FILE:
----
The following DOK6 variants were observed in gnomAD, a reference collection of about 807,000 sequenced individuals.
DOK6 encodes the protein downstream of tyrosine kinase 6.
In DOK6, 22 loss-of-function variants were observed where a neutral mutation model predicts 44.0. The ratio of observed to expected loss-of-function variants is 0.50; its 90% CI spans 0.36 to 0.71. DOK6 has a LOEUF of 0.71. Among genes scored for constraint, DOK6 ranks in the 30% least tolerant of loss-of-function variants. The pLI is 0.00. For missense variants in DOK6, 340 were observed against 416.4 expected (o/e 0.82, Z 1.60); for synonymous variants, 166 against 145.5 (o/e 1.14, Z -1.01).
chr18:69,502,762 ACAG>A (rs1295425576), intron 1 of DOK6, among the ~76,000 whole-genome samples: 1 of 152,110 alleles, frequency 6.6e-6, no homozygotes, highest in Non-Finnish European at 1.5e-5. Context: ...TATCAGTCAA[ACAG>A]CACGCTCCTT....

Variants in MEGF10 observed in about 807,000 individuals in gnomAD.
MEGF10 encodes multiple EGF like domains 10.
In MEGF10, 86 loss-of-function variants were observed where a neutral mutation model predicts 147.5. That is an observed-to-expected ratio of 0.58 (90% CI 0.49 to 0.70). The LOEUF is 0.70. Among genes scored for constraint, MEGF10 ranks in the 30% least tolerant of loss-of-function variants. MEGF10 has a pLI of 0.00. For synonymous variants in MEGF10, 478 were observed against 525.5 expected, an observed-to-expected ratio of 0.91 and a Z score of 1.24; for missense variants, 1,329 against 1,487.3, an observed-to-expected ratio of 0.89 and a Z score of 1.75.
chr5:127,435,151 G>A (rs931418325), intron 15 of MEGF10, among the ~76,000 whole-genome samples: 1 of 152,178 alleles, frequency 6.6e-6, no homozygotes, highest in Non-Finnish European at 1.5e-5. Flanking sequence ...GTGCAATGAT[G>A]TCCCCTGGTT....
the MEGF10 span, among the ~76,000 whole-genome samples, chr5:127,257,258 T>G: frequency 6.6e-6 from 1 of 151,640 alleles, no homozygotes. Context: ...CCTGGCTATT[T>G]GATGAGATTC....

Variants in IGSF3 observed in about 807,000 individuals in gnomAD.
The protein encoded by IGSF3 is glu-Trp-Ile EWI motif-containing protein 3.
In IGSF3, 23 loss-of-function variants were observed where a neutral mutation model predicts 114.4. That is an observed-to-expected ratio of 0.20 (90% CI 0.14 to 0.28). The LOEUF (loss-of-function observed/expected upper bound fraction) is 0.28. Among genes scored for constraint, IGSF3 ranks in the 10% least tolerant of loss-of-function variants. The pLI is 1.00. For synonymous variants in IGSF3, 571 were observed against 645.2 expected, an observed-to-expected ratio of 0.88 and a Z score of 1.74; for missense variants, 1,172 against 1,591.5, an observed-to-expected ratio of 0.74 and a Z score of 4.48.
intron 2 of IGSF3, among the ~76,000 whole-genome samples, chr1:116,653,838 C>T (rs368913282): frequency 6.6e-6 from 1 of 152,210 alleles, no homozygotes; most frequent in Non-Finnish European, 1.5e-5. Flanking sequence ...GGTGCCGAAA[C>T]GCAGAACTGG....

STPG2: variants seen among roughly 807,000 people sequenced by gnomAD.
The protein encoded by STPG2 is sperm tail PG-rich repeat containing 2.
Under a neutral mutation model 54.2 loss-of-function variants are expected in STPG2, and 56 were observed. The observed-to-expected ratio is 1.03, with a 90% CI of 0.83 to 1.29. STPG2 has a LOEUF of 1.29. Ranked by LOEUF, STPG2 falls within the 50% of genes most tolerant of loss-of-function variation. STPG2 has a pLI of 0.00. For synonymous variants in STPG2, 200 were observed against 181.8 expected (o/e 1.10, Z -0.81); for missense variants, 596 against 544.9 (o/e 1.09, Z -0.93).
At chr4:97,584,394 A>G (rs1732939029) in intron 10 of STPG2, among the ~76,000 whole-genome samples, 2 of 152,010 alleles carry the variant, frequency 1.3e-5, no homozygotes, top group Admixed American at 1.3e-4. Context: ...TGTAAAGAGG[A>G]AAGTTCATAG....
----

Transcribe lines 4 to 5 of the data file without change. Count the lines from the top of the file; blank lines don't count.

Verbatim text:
chr18:69,502,762 ACAG>A (rs1295425576), intron 1 of DOK6, among the ~76,000 whole-genome samples: 1 of 152,110 alleles, frequency 6.6e-6, no homozygotes, highest in Non-Finnish European at 1.5e-5. Context: ...TATCAGTCAA[ACAG>A]CACGCTCCTT....

Variants in MEGF10 observed in about 807,000 individuals in gnomAD.